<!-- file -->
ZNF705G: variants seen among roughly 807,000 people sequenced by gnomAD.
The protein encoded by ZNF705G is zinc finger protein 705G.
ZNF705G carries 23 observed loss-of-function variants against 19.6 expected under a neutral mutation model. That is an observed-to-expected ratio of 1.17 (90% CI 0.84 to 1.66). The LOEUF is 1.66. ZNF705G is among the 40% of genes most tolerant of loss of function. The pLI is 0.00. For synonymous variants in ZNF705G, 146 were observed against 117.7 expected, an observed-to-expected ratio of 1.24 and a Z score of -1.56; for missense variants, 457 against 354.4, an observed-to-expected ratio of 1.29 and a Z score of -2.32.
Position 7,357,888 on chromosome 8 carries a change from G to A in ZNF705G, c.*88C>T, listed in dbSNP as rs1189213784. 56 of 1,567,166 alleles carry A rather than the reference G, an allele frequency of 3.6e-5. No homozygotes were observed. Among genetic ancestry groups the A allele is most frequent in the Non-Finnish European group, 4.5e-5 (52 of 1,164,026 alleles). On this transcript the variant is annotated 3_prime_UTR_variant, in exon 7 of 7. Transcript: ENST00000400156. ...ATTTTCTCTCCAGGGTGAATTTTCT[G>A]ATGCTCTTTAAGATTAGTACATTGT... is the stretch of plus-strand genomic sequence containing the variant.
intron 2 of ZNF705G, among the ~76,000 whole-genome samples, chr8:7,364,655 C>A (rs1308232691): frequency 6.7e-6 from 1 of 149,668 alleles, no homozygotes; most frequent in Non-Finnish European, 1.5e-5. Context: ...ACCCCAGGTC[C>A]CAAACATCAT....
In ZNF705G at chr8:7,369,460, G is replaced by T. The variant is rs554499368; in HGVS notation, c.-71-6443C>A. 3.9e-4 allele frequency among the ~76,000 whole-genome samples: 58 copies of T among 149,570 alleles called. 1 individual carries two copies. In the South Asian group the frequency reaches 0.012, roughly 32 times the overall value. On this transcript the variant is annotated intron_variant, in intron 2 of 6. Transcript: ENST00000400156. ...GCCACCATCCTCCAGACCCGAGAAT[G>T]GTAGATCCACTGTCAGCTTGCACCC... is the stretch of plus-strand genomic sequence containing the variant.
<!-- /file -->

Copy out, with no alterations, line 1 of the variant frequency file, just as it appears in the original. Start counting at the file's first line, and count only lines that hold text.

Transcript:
ZNF705G: variants seen among roughly 807,000 people sequenced by gnomAD.